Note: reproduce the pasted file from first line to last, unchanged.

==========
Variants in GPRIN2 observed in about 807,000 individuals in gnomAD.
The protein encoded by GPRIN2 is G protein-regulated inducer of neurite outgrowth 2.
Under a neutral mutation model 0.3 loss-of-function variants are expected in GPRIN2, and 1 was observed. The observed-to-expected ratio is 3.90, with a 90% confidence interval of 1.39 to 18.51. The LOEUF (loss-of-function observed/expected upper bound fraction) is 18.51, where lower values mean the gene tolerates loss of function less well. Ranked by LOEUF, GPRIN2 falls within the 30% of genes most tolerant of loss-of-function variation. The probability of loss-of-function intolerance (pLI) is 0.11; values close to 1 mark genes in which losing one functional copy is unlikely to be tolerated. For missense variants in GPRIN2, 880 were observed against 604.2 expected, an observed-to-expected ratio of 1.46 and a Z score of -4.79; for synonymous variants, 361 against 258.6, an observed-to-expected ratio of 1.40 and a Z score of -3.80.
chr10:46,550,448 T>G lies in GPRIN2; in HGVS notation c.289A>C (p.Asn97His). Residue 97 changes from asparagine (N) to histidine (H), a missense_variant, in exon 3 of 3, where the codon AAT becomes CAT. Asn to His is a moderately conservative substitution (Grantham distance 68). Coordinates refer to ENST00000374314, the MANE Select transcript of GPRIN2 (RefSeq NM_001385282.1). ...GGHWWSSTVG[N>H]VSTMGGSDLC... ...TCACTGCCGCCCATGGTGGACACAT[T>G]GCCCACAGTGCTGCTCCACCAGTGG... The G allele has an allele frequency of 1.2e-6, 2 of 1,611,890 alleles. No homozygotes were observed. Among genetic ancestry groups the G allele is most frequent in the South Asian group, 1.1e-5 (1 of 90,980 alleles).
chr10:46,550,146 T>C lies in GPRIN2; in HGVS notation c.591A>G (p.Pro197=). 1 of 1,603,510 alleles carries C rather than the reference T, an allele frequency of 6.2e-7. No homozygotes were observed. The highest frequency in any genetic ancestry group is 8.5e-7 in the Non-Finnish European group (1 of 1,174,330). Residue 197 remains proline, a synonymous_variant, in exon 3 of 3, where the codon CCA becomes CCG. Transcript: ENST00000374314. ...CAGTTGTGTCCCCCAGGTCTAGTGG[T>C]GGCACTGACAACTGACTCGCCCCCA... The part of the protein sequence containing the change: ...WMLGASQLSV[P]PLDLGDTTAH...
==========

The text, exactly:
Variants in GPRIN2 observed in about 807,000 individuals in gnomAD.
The protein encoded by GPRIN2 is G protein-regulated inducer of neurite outgrowth 2.
Under a neutral mutation model 0.3 loss-of-function variants are expected in GPRIN2, and 1 was observed. The observed-to-expected ratio is 3.90, with a 90% confidence interval of 1.39 to 18.51. The LOEUF (loss-of-function observed/expected upper bound fraction) is 18.51, where lower values mean the gene tolerates loss of function less well. Ranked by LOEUF, GPRIN2 falls within the 30% of genes most tolerant of loss-of-function variation. The probability of loss-of-function intolerance (pLI) is 0.11; values close to 1 mark genes in which losing one functional copy is unlikely to be tolerated. For missense variants in GPRIN2, 880 were observed against 604.2 expected, an observed-to-expected ratio of 1.46 and a Z score of -4.79; for synonymous variants, 361 against 258.6, an observed-to-expected ratio of 1.40 and a Z score of -3.80.
chr10:46,550,448 T>G lies in GPRIN2; in HGVS notation c.289A>C (p.Asn97His). Residue 97 changes from asparagine (N) to histidine (H), a missense_variant, in exon 3 of 3, where the codon AAT becomes CAT. Asn to His is a moderately conservative substitution (Grantham distance 68). Coordinates refer to ENST00000374314, the MANE Select transcript of GPRIN2 (RefSeq NM_001385282.1). ...GGHWWSSTVG[N>H]VSTMGGSDLC... ...TCACTGCCGCCCATGGTGGACACAT[T>G]GCCCACAGTGCTGCTCCACCAGTGG... The G allele has an allele frequency of 1.2e-6, 2 of 1,611,890 alleles. No homozygotes were observed. Among genetic ancestry groups the G allele is most frequent in the South Asian group, 1.1e-5 (1 of 90,980 alleles).
chr10:46,550,146 T>C lies in GPRIN2; in HGVS notation c.591A>G (p.Pro197=). 1 of 1,603,510 alleles carries C rather than the reference T, an allele frequency of 6.2e-7. No homozygotes were observed. The highest frequency in any genetic ancestry group is 8.5e-7 in the Non-Finnish European group (1 of 1,174,330). Residue 197 remains proline, a synonymous_variant, in exon 3 of 3, where the codon CCA becomes CCG. Transcript: ENST00000374314. ...CAGTTGTGTCCCCCAGGTCTAGTGG[T>C]GGCACTGACAACTGACTCGCCCCCA... The part of the protein sequence containing the change: ...WMLGASQLSV[P]PLDLGDTTAH...